Monday, 28 October 2019

Spit happens

I gather it was a week of sunshine and showers for Ian, but
maybe more showers.
Well as you may have gathered, the last couple of weeks have been a bit hectic. Trying to work in academia and do farm tasks can get a bit tricky trying to balance the various tasks involved for both. They get done though. It is no wonder there were times last week in the conference I attended where I had a gentle dig at comments made by academics when it came to issues affecting farmers. One comment in particular from one young academic was about the apparent need for farmers to diversify. That particular comment is like a red rag to a bull. Of course farmers would like to improve their income but the costs to body, mind and soul can be enormous. It's like telling a nurse that actually if she could take on a bed and breakfast establishment as well as work shifts then her income will be fine. Hello! I don't know many lazy farmers who get lots of time off. Yes arable farmers may be able to take off on holiday while the crop grows but really do they not deserve a holiday? For livestock farmers the issue is even harder. I'd better stop there!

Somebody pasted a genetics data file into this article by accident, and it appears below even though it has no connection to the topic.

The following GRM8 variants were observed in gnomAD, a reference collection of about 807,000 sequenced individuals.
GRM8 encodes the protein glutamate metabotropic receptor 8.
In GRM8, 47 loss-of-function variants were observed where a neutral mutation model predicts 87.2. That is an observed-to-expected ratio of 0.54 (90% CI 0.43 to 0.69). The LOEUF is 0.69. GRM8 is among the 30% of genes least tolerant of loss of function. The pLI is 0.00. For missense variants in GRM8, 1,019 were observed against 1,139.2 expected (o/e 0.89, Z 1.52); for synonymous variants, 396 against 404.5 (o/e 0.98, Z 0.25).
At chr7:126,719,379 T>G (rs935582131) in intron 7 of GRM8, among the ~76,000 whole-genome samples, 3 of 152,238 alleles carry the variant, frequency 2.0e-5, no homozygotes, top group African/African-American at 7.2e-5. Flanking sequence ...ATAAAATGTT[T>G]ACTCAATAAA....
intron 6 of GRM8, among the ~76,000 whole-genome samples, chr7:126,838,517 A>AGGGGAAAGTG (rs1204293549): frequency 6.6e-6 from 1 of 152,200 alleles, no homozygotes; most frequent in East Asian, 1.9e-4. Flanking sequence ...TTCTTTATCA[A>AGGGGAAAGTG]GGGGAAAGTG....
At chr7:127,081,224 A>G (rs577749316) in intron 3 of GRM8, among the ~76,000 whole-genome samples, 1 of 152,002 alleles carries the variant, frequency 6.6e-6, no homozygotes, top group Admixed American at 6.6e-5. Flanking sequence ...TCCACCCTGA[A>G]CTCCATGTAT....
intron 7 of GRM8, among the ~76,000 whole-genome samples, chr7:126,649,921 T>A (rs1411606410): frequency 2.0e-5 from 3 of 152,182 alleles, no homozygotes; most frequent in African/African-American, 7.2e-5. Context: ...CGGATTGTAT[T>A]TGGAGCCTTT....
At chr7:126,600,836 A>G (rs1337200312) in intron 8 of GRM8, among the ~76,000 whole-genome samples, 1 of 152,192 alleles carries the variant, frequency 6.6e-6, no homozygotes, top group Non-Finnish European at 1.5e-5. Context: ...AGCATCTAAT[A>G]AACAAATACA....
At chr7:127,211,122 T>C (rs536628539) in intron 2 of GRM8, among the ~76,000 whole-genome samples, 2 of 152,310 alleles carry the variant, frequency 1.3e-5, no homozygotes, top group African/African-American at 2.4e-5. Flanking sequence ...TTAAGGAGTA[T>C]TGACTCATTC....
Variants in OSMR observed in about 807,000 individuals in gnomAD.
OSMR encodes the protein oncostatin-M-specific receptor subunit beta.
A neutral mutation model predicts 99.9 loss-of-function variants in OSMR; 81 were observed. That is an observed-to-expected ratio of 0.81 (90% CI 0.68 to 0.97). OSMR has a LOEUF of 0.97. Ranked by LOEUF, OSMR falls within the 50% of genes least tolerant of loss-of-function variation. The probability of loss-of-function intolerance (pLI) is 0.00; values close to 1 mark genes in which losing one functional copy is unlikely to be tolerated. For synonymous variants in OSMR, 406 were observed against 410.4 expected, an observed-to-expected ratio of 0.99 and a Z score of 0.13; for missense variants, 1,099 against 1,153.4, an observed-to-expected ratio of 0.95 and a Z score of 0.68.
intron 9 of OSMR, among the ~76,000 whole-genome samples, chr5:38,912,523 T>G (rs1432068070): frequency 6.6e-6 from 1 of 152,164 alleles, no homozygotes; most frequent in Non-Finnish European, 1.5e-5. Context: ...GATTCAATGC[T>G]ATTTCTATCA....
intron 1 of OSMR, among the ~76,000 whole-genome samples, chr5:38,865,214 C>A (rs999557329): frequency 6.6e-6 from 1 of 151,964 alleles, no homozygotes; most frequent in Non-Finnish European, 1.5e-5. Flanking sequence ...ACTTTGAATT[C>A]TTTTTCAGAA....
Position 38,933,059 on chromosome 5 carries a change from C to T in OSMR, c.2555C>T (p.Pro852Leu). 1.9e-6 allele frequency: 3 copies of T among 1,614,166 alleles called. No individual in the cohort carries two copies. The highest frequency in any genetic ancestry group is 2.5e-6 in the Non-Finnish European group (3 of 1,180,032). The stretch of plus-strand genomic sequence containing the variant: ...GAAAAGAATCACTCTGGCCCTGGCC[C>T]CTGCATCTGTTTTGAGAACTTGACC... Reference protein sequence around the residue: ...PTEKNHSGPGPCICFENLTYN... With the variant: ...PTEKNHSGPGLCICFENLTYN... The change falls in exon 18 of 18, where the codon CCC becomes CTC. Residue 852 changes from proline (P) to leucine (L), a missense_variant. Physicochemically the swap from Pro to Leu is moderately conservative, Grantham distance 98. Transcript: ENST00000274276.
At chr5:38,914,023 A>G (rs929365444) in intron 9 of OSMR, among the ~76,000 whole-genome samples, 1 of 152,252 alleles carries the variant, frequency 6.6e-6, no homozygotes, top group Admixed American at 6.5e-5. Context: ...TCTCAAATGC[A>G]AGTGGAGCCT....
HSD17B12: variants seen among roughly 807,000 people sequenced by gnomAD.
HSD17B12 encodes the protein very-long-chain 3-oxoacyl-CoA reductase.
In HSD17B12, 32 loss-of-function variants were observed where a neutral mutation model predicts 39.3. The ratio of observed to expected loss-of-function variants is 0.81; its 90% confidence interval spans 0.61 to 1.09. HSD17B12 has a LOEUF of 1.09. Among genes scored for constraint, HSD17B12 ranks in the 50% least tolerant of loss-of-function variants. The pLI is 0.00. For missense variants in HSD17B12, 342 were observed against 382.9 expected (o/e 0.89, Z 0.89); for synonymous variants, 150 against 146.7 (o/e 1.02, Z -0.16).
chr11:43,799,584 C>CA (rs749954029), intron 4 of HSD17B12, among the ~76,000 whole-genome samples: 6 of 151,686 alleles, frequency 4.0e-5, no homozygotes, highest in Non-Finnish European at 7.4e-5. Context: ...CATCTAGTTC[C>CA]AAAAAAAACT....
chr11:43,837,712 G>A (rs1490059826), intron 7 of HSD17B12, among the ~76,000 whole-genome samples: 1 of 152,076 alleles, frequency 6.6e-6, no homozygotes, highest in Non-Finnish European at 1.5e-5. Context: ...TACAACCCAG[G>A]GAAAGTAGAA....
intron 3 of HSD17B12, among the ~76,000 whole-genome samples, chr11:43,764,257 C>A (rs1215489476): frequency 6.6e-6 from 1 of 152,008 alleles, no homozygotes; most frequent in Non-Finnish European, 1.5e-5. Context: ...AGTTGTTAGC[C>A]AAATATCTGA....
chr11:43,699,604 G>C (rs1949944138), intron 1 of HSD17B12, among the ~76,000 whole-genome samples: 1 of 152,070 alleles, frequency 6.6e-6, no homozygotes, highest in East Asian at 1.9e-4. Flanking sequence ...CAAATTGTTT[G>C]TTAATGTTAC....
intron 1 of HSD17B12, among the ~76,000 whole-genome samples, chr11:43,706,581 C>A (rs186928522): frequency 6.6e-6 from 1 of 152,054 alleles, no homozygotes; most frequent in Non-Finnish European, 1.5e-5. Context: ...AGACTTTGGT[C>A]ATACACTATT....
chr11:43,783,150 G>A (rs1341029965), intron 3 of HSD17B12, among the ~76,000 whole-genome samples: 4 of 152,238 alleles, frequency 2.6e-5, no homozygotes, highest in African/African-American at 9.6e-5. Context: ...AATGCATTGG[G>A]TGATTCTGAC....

I think all the alpacas have been having a party while I've
been away. Aggie looks like she's been on the razzle
It's hard to believe but two weeks ago, I had just returned from a trip to Finland, this time it is from Hannover in Germany. So just like two weeks ago there was a bit of email catching up to do and sorting out for work. Supposedly I'm on holiday but there is a deadline to make and besides I get a few days off next week, in between more travelling, so I have to be a bit flexible. At least that is one advantage of remote working and everyone seems happy enough with the work I do put in, so all is good.
I'm glad she picked up later. She looks much better now

Even Herk looks like he's had a drink too many
Before I set off to Germany there were a few things that needed sorting on the farm that Ian wouldn't be able to do on his own. We didn't get them all done but we did get the most important ones done. One of the main tasks is the bimonthly trimming of toe nails. We got 16 done in one day and three the next - or to be honest two and a half. Half an alpaca? Yes! Brencis! Our gentle giant is not that gentle when it comes to rear toe nail cutting. Not sure why but he does kick up a fuss but he's too big for me to deal with and hold still when he doesn't want to cooperate. I guess we will have to sort that out this week, one way or another.
Apparently there were still leaves on trees. The gusty weather
over the weekend meant there were none left by the time I
got back

Dear, sweet Chanel. Pity she is just a little excitable.